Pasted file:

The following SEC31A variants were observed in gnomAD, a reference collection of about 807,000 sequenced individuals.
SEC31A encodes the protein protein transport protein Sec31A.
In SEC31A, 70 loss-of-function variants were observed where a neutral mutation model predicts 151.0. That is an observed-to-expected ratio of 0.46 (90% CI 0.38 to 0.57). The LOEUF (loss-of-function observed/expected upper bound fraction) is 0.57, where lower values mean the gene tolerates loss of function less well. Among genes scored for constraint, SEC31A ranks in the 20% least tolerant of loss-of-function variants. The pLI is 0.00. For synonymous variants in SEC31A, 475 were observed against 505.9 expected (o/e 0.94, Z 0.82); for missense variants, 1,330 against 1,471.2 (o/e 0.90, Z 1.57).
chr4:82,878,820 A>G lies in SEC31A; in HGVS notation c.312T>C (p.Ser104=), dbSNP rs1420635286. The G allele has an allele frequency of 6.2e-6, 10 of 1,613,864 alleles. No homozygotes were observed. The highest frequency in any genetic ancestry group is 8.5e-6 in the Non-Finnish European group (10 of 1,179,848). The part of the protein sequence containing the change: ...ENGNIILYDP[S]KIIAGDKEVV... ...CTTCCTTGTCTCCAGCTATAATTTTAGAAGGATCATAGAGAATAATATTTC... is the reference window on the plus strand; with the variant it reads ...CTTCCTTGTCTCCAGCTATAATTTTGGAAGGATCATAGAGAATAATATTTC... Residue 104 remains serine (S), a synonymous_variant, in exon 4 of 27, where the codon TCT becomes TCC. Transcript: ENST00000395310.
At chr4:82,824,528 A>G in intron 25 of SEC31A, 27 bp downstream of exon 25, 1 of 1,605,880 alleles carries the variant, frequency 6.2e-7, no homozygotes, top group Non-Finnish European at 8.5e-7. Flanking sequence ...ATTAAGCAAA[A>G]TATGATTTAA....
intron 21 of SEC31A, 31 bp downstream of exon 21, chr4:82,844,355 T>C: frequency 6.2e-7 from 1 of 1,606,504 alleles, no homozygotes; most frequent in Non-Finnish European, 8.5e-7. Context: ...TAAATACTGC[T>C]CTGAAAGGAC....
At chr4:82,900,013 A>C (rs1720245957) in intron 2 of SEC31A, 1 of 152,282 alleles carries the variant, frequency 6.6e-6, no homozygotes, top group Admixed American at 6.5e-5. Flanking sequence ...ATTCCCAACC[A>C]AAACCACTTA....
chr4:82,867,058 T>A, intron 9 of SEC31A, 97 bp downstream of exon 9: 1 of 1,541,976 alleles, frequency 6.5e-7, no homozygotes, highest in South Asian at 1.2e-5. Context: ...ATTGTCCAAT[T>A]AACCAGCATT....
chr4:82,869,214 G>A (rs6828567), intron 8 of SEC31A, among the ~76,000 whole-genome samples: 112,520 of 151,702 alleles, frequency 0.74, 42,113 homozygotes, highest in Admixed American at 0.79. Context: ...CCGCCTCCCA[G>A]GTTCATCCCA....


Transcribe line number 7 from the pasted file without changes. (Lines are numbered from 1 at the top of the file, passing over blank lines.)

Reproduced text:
At chr4:82,900,013 A>C (rs1720245957) in intron 2 of SEC31A, 1 of 152,282 alleles carries the variant, frequency 6.6e-6, no homozygotes, top group Admixed American at 6.5e-5. Flanking sequence ...ATTCCCAACC[A>C]AAACCACTTA....